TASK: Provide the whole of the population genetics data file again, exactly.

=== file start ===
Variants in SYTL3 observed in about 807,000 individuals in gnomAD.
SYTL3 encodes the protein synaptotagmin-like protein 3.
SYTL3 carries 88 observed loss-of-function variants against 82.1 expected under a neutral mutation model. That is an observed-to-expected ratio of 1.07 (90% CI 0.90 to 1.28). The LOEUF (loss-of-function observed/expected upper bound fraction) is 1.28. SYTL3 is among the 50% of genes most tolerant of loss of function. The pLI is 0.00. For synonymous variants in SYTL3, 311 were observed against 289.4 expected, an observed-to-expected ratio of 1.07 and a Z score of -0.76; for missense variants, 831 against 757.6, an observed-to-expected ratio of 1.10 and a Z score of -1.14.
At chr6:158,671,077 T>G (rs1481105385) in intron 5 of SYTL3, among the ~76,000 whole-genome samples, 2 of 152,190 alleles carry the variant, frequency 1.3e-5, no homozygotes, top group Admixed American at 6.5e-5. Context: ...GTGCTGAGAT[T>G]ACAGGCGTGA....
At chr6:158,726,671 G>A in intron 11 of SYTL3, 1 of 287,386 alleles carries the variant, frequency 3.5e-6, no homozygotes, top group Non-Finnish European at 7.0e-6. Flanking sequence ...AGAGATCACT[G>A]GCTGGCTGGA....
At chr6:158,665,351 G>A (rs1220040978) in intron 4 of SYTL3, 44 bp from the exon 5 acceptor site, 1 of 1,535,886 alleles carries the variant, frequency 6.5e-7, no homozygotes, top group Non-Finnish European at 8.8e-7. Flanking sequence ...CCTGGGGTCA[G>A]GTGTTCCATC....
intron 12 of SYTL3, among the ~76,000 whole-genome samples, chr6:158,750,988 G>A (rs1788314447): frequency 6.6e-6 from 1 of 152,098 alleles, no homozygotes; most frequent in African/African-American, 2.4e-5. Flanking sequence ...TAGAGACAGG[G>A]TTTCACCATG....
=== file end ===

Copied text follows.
Variants in SYTL3 observed in about 807,000 individuals in gnomAD.
SYTL3 encodes the protein synaptotagmin-like protein 3.
SYTL3 carries 88 observed loss-of-function variants against 82.1 expected under a neutral mutation model. That is an observed-to-expected ratio of 1.07 (90% CI 0.90 to 1.28). The LOEUF (loss-of-function observed/expected upper bound fraction) is 1.28. SYTL3 is among the 50% of genes most tolerant of loss of function. The pLI is 0.00. For synonymous variants in SYTL3, 311 were observed against 289.4 expected, an observed-to-expected ratio of 1.07 and a Z score of -0.76; for missense variants, 831 against 757.6, an observed-to-expected ratio of 1.10 and a Z score of -1.14.
At chr6:158,671,077 T>G (rs1481105385) in intron 5 of SYTL3, among the ~76,000 whole-genome samples, 2 of 152,190 alleles carry the variant, frequency 1.3e-5, no homozygotes, top group Admixed American at 6.5e-5. Context: ...GTGCTGAGAT[T>G]ACAGGCGTGA....
At chr6:158,726,671 G>A in intron 11 of SYTL3, 1 of 287,386 alleles carries the variant, frequency 3.5e-6, no homozygotes, top group Non-Finnish European at 7.0e-6. Flanking sequence ...AGAGATCACT[G>A]GCTGGCTGGA....
At chr6:158,665,351 G>A (rs1220040978) in intron 4 of SYTL3, 44 bp from the exon 5 acceptor site, 1 of 1,535,886 alleles carries the variant, frequency 6.5e-7, no homozygotes, top group Non-Finnish European at 8.8e-7. Flanking sequence ...CCTGGGGTCA[G>A]GTGTTCCATC....
intron 12 of SYTL3, among the ~76,000 whole-genome samples, chr6:158,750,988 G>A (rs1788314447): frequency 6.6e-6 from 1 of 152,098 alleles, no homozygotes; most frequent in African/African-American, 2.4e-5. Flanking sequence ...TAGAGACAGG[G>A]TTTCACCATG....